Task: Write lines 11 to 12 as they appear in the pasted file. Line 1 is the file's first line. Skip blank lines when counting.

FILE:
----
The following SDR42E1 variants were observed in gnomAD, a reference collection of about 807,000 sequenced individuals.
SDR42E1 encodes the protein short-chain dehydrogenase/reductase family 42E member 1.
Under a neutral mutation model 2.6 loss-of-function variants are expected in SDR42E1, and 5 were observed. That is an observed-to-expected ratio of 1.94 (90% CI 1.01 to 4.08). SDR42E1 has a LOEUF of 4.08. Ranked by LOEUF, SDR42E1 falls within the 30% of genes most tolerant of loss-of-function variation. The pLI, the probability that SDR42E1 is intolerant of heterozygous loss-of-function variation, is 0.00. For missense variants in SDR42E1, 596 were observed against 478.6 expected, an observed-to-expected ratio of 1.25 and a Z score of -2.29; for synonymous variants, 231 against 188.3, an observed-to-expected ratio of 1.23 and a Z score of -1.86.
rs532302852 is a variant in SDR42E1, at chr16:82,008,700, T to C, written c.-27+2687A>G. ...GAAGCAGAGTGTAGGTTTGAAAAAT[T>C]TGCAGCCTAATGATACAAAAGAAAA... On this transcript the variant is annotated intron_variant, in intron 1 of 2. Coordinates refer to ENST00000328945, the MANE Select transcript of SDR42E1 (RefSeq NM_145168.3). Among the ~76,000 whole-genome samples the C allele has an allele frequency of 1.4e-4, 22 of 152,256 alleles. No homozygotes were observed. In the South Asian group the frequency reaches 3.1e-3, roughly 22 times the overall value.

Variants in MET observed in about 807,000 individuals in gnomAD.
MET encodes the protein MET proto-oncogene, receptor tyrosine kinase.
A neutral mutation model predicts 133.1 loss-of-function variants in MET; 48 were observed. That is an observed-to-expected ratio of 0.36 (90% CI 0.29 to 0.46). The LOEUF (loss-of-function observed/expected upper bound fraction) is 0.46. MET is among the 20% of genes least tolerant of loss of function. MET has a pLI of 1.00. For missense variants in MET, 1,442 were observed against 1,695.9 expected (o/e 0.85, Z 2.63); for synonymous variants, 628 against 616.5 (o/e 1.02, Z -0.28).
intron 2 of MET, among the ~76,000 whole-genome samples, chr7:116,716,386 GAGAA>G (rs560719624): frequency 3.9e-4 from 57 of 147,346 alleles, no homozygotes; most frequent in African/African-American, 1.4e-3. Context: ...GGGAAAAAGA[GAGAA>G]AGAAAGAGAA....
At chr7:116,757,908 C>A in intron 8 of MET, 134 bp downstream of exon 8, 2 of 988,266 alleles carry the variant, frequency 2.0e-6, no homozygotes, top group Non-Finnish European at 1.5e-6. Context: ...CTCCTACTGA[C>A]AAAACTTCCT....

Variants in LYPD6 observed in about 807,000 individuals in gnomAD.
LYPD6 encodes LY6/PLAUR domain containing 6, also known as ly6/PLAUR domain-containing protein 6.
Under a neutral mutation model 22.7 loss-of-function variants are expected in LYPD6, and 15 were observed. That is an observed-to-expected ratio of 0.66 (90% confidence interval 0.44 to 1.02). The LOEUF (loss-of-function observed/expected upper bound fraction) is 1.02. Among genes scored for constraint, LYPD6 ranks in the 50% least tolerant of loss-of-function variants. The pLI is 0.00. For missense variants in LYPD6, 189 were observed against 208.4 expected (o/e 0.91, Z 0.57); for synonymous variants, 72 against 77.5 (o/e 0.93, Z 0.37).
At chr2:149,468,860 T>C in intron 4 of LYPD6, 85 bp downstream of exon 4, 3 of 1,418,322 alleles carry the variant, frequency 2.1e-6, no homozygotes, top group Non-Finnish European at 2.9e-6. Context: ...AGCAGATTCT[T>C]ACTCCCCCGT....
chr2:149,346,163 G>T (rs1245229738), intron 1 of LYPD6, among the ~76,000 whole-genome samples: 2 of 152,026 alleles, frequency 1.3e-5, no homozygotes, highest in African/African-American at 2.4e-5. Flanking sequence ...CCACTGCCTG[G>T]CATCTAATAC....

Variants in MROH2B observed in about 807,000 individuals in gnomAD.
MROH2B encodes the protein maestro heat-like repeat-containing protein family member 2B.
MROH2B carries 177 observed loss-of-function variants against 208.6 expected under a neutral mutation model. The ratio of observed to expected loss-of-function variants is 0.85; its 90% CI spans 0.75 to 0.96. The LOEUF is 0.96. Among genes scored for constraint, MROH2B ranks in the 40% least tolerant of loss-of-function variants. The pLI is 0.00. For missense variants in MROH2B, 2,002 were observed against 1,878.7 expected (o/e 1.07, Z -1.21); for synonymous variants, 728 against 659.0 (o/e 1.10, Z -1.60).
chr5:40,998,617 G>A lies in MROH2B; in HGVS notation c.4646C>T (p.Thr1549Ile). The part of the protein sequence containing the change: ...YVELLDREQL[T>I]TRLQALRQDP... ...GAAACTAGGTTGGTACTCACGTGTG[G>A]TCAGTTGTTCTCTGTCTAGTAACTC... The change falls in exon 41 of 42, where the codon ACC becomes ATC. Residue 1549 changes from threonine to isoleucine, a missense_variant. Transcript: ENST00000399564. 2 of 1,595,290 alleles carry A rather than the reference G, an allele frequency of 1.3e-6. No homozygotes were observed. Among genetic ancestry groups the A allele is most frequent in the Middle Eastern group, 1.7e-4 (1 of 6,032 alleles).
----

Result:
LYPD6 encodes LY6/PLAUR domain containing 6, also known as ly6/PLAUR domain-containing protein 6.
Under a neutral mutation model 22.7 loss-of-function variants are expected in LYPD6, and 15 were observed. That is an observed-to-expected ratio of 0.66 (90% confidence interval 0.44 to 1.02). The LOEUF (loss-of-function observed/expected upper bound fraction) is 1.02. Among genes scored for constraint, LYPD6 ranks in the 50% least tolerant of loss-of-function variants. The pLI is 0.00. For missense variants in LYPD6, 189 were observed against 208.4 expected (o/e 0.91, Z 0.57); for synonymous variants, 72 against 77.5 (o/e 0.93, Z 0.37).